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Financial Inclusion in India: An Update

(4) Comments | Posted August 20, 2013 | 11:36 AM

Three years ago I blogged "Is Financial Inclusion Imminent in India?" I have just returned from India after observing the progress India has made towards financial inclusion. Yes, there has been progress, but much remains to be done.

I visited Nandan Nilekani , profiled in the...

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Buddhist Emptiness for Scientists, Engineers and Mathematicians

(501) Comments | Posted November 22, 2011 | 12:08 PM

I became a Buddhist seven years ago. A Secular Buddhist. I was attracted by the curiosity and openness with which the Dalai Lama was engaged with science. I found it refreshing. In this article in the New York Times, the Dalai Lama insists: "If science proves some belief...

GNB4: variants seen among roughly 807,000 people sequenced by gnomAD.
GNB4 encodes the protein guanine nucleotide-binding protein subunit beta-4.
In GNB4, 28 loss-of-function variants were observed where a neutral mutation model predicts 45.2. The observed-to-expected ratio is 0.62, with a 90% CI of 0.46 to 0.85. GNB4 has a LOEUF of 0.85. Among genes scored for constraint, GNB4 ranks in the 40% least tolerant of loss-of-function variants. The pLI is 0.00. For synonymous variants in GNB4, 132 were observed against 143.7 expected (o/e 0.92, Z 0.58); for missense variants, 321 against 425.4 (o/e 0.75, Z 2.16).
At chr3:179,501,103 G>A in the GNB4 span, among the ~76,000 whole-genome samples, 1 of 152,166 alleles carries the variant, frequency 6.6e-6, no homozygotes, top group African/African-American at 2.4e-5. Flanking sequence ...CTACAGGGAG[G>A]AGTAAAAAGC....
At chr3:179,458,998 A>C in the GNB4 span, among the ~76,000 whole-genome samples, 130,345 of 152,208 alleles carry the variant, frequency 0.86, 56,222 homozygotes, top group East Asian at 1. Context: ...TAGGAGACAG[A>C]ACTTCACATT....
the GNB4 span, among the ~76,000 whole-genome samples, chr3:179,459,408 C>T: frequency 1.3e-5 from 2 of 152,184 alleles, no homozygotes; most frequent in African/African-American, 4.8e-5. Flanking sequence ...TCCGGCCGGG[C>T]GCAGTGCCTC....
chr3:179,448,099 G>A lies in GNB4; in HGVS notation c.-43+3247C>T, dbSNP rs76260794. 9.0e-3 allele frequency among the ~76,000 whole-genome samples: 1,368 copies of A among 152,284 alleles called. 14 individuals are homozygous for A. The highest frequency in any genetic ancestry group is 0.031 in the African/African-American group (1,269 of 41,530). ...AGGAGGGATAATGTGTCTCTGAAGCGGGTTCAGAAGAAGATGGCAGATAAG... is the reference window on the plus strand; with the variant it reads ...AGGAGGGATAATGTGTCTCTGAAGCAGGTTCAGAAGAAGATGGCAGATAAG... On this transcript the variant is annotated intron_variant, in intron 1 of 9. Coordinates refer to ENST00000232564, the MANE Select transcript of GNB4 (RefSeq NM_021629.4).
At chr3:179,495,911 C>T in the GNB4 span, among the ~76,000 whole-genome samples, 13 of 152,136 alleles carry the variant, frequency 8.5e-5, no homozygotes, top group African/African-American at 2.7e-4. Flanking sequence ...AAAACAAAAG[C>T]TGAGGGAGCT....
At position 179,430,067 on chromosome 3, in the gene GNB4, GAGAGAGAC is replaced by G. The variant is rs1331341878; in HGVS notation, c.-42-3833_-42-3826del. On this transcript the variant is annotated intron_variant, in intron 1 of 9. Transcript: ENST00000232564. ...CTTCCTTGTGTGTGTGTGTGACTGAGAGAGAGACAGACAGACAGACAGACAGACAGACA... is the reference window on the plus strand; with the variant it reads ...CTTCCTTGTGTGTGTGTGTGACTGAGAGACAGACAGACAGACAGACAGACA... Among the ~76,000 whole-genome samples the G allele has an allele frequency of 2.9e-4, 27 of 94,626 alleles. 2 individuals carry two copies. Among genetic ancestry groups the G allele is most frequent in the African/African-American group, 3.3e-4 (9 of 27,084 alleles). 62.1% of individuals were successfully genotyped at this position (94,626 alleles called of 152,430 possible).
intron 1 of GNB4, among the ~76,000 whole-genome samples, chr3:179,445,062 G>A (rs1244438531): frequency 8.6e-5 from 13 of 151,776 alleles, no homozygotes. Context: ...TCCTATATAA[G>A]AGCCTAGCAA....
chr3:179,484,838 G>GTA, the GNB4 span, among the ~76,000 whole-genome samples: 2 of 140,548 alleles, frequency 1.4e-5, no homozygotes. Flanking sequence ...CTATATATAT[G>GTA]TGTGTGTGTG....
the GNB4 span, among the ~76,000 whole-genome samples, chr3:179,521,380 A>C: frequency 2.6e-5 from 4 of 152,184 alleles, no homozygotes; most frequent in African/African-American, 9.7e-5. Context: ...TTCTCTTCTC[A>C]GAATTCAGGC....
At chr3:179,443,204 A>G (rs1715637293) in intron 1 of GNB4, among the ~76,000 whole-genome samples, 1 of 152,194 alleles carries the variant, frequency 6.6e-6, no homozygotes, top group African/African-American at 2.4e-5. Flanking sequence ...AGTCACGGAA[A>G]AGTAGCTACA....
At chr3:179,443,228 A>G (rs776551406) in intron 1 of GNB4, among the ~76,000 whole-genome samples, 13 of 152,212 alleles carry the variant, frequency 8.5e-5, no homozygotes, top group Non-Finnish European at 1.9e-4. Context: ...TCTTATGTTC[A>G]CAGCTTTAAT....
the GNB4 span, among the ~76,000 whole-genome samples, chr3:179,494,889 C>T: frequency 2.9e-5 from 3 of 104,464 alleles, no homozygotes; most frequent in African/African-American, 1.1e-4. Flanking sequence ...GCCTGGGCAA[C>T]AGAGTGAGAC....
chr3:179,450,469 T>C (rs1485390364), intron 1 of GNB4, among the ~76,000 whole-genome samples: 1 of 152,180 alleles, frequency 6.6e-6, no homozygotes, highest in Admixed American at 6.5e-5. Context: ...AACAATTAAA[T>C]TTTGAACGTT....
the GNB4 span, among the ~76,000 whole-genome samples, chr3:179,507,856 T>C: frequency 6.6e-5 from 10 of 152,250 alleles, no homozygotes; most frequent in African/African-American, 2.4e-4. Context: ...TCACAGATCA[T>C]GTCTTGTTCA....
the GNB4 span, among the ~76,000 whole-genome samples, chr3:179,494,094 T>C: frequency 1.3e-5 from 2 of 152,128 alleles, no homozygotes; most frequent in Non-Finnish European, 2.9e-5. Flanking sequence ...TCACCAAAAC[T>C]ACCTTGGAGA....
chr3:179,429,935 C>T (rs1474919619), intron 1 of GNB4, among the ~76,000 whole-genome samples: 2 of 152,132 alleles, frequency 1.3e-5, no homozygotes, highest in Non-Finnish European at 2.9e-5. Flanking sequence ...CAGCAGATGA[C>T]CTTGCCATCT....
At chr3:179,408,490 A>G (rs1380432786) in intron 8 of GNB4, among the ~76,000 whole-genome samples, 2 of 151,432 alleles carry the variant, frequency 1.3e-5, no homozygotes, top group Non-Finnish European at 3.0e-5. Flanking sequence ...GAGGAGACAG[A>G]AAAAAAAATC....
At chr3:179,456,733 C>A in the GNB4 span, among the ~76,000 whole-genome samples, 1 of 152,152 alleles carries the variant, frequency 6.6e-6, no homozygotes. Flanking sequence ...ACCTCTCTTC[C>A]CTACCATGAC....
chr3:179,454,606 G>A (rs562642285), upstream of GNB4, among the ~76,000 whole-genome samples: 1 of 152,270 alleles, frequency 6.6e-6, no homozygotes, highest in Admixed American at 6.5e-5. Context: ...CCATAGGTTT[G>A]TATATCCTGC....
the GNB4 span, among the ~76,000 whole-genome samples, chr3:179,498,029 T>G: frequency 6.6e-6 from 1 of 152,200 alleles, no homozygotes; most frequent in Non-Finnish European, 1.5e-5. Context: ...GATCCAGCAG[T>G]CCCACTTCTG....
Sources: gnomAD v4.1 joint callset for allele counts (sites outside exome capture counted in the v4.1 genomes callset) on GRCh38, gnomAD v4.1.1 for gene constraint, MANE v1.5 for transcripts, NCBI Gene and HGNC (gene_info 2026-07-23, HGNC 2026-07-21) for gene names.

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It Takes a Village to Write a Scholarly Research Article

(1) Comments | Posted August 25, 2011 | 3:26 PM

"Oh, you are a Professor at UCLA? You must really like teaching" is a comment that I, and many of my academic colleagues at research universities, hear very often when we mention to others what we do for a living. Yes, understanding complex ideas and being able to explain them...

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Productivity and Philanthropy

(2) Comments | Posted February 4, 2011 | 12:49 PM

There is a wonderful organization called Skip1.org with a creative and very simple motto: "Skip something. Feed a child."

The introductory video shows a young couple in a fancy restaurant who decide to skip their meal. The waitress takes their plates, goes through a door and on the...

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Is Yunus Right About Charitable Donations?

(4) Comments | Posted January 17, 2011 | 12:05 PM

Consider two micro-entrepreneurs. Rosa has a small business idea that requires an initial investment of $10,000 USD and will generate $11,000 USD at the end of the year -- a return of 10% per year. Nandini, also has a business idea that requires an initial investment of US$1,000 and will...